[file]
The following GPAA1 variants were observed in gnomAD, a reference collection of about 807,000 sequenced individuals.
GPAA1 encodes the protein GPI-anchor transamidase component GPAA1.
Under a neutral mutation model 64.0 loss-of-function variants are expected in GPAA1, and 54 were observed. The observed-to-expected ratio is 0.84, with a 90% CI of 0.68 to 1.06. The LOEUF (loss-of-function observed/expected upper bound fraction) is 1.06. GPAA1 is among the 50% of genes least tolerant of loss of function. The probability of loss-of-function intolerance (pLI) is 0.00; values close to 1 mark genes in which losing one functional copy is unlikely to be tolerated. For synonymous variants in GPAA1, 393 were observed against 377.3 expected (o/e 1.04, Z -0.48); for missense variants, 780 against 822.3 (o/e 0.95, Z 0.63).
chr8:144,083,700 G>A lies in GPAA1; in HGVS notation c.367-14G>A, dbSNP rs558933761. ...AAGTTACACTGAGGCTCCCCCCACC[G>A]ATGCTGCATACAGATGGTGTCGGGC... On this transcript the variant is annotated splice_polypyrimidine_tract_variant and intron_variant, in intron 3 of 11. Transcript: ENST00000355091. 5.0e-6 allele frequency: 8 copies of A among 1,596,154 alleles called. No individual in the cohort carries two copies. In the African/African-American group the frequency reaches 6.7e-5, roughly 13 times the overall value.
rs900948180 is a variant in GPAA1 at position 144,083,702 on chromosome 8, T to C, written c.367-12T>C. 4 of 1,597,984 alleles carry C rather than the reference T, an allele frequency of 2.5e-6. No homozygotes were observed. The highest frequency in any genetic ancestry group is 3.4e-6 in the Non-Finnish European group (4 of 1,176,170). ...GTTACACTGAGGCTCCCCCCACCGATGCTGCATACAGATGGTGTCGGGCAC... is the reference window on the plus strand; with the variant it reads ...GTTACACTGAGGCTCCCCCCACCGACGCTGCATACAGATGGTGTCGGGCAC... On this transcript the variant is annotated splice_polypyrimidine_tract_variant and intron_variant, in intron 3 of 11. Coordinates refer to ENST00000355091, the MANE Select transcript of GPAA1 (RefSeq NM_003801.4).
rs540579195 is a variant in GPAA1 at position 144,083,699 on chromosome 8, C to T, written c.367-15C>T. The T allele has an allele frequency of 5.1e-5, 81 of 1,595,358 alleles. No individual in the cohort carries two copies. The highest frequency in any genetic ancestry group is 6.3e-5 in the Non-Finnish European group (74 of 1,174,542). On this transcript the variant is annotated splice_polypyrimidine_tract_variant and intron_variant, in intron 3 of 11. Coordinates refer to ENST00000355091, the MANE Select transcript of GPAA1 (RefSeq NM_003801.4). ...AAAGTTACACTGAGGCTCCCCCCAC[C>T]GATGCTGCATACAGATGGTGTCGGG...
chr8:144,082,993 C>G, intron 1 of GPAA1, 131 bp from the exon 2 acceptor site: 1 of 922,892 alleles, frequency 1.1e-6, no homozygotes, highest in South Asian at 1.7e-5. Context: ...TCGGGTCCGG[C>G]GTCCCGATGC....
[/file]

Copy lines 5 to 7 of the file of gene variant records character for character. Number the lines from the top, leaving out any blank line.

rs900948180 is a variant in GPAA1 at position 144,083,702 on chromosome 8, T to C, written c.367-12T>C. 4 of 1,597,984 alleles carry C rather than the reference T, an allele frequency of 2.5e-6. No homozygotes were observed. The highest frequency in any genetic ancestry group is 3.4e-6 in the Non-Finnish European group (4 of 1,176,170). ...GTTACACTGAGGCTCCCCCCACCGATGCTGCATACAGATGGTGTCGGGCAC... is the reference window on the plus strand; with the variant it reads ...GTTACACTGAGGCTCCCCCCACCGACGCTGCATACAGATGGTGTCGGGCAC... On this transcript the variant is annotated splice_polypyrimidine_tract_variant and intron_variant, in intron 3 of 11. Coordinates refer to ENST00000355091, the MANE Select transcript of GPAA1 (RefSeq NM_003801.4).
rs540579195 is a variant in GPAA1 at position 144,083,699 on chromosome 8, C to T, written c.367-15C>T. The T allele has an allele frequency of 5.1e-5, 81 of 1,595,358 alleles. No individual in the cohort carries two copies. The highest frequency in any genetic ancestry group is 6.3e-5 in the Non-Finnish European group (74 of 1,174,542). On this transcript the variant is annotated splice_polypyrimidine_tract_variant and intron_variant, in intron 3 of 11. Coordinates refer to ENST00000355091, the MANE Select transcript of GPAA1 (RefSeq NM_003801.4). ...AAAGTTACACTGAGGCTCCCCCCAC[C>T]GATGCTGCATACAGATGGTGTCGGG...
chr8:144,082,993 C>G, intron 1 of GPAA1, 131 bp from the exon 2 acceptor site: 1 of 922,892 alleles, frequency 1.1e-6, no homozygotes, highest in South Asian at 1.7e-5. Context: ...TCGGGTCCGG[C>G]GTCCCGATGC....